ANN ARBOR, Mich. — At times, Michigan defense has resembled a giant tidal wave, rolling toward the shore.
Only one thing holds that wave back this week: a break in the schedule. This week’s bye is about the only thing that will put Michigan’s defense in its place right now.
The Wolverines don’t have an offense to torment this weekend, so there won’t be any debris left in the wake of their weekend wrath.
You can’t blame the defensive players if they feel a little lost this weekend, going to parties or doing Friday-night college things instead of preparing for another Saturday game in which they expect to dominate.
In Saturday’s 78-0 win, Michigan (6-0, 3-0 Big Ten Conference) overmatched and overwhelmed Rutgers (2-4, 0-3), limiting the Scarlet Knights to 39 total yards, including only 5 passing yards.
One element in particular — that stingy pass rush — has helped some deem Michigan’s defensive line the best, the most skilled and the most effective in the country. Some might argue that Michigan’s schedule works to its advantage; only one of its wins came against a team ranked in the AP Top 25 at game time. Of the other five opponents, only Colorado currently sits higher than 42nd in the Sagarin Ratings, which factors strength of schedule.
But in each one of its six wins, Michigan has stuck to a pattern: find a team’s weakness and exploit it. Against Rutgers, that meant emphasizing the pass rush.
A week after Rutgers went 3 for 16 passing for 33 yards in a 58-0 loss Oct. 1 at Ohio State, the Scarlet Knights further regressed Saturday against Michigan, as Chris Laviano and Zach Allen completed 2 of 18 passes and got were sacked 4 times.
“Our front, that’s one of the biggest and best,” Michigan coach Jim Harbaugh said. “The spine of our team is that defensive front. (Defensive line coach) Greg Mattison does a great job coaching our guys, and they were fast. Our whole team was really fast. They were executing at a really high level. The pressure, it was tough to deal with.”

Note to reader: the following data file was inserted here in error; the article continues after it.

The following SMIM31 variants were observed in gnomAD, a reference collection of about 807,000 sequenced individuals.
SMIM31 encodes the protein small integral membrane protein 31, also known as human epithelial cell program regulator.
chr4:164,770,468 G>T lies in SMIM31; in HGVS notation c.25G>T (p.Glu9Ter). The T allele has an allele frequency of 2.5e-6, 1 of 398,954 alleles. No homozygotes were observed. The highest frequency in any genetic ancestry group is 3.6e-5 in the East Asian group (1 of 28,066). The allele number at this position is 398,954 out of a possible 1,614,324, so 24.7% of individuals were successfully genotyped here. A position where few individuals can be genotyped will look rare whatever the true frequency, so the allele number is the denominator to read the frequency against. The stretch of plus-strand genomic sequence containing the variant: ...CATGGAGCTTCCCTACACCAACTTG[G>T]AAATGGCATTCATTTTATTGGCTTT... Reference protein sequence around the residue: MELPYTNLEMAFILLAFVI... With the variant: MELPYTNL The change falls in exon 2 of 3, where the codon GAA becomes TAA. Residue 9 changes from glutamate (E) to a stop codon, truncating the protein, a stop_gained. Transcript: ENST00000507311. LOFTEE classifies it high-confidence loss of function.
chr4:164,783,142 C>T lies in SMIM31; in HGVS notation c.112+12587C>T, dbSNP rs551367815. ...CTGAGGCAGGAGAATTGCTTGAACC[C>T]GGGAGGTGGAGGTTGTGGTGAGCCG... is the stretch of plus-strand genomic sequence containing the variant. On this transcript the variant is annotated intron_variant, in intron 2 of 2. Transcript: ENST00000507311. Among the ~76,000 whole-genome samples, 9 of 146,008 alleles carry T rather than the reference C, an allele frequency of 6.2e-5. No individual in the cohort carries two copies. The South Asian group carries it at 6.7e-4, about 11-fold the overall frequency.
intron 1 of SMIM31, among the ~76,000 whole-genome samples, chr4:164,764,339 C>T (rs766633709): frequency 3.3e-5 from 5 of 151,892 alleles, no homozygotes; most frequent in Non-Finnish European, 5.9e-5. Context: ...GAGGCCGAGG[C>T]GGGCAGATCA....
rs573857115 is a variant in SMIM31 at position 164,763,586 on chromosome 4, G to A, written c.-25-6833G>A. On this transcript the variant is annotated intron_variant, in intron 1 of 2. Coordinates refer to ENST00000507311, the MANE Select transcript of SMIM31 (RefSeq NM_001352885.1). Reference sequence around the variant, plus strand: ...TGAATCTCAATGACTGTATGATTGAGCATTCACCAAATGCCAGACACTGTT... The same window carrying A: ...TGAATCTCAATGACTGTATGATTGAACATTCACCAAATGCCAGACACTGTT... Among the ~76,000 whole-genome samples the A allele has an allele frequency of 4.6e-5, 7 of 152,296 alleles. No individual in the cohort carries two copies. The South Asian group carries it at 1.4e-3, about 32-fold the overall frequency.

According to NCAA statistics, the Wolverines lead the nation in total defense (212.8 yards per game) and passing yards allowed (113.7). Michigan is also tied for second in the nation with No. 5 Washington in team sacks (24).
“We set the bar, but now we keep trying to improve,” said defensive end Taco Charlton, who had 2 sacks against Rutgers. We try to go out there and be the best defense in the country, and it can’t just stop with just Rutgers. It’s got to go to next week. I’m in this bye week, And once we get to Illinois (on Oct. 22), we have to keep on improving and show what we’re made of.”
This is around the time of the season when teams begin to wear down, but Michigan’s depth at defensive line has continued to keep the Wolverines effective — something Mattison utilizes by design through his rotations.
In fact, the depth at the position has become one of the most pleasant surprises at Michigan, as freshman Rashan Gary, converted TE/LB Chase Winovich and redshirt junior Maurice Hurst have emerged as contributors, combining for 58 tackles.
They also helped Michigan limit Rutgers to 2 first downs Saturday; both came in the fourth quarter.
“Constant pressure,” Harbaugh said.
That mindset helped Michigan hold nothing back in Saturday’s evisceration at Rutgers.
“That’s what we expect, when you’re in a defense like we are,” Michigan LB Ben Gedeon said. “You want to execute every single play. If we execute, then they shouldn’t score a point.”
Michigan’s pass defense in its first six games
|Penn State||121 yards|
Michigan’s sack totals in its first six games